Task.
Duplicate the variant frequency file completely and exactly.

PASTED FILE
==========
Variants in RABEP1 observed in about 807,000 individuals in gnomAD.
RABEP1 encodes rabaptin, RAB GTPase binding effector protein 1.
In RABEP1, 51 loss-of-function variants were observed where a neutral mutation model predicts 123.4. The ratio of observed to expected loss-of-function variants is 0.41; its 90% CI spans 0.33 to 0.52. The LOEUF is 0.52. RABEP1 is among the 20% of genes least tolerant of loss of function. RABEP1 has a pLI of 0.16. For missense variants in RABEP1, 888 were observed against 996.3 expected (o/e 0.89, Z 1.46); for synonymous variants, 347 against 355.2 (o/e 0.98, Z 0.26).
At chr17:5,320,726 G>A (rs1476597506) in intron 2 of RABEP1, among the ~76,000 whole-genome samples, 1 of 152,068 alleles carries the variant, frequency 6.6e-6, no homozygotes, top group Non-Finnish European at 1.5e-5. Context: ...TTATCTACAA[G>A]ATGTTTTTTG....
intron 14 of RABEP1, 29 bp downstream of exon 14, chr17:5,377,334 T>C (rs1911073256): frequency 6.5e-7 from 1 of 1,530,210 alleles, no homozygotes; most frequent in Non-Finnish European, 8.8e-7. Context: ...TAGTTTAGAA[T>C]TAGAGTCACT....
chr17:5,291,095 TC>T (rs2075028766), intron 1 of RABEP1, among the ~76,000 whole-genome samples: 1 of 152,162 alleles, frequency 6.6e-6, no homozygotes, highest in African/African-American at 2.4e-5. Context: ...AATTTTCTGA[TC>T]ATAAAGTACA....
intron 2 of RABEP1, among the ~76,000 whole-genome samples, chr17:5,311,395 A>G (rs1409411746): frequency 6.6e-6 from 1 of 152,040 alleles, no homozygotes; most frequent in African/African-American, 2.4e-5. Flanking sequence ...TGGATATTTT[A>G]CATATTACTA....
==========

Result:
Variants in RABEP1 observed in about 807,000 individuals in gnomAD.
RABEP1 encodes rabaptin, RAB GTPase binding effector protein 1.
In RABEP1, 51 loss-of-function variants were observed where a neutral mutation model predicts 123.4. The ratio of observed to expected loss-of-function variants is 0.41; its 90% CI spans 0.33 to 0.52. The LOEUF is 0.52. RABEP1 is among the 20% of genes least tolerant of loss of function. RABEP1 has a pLI of 0.16. For missense variants in RABEP1, 888 were observed against 996.3 expected (o/e 0.89, Z 1.46); for synonymous variants, 347 against 355.2 (o/e 0.98, Z 0.26).
At chr17:5,320,726 G>A (rs1476597506) in intron 2 of RABEP1, among the ~76,000 whole-genome samples, 1 of 152,068 alleles carries the variant, frequency 6.6e-6, no homozygotes, top group Non-Finnish European at 1.5e-5. Context: ...TTATCTACAA[G>A]ATGTTTTTTG....
intron 14 of RABEP1, 29 bp downstream of exon 14, chr17:5,377,334 T>C (rs1911073256): frequency 6.5e-7 from 1 of 1,530,210 alleles, no homozygotes; most frequent in Non-Finnish European, 8.8e-7. Context: ...TAGTTTAGAA[T>C]TAGAGTCACT....
chr17:5,291,095 TC>T (rs2075028766), intron 1 of RABEP1, among the ~76,000 whole-genome samples: 1 of 152,162 alleles, frequency 6.6e-6, no homozygotes, highest in African/African-American at 2.4e-5. Context: ...AATTTTCTGA[TC>T]ATAAAGTACA....
intron 2 of RABEP1, among the ~76,000 whole-genome samples, chr17:5,311,395 A>G (rs1409411746): frequency 6.6e-6 from 1 of 152,040 alleles, no homozygotes; most frequent in African/African-American, 2.4e-5. Flanking sequence ...TGGATATTTT[A>G]CATATTACTA....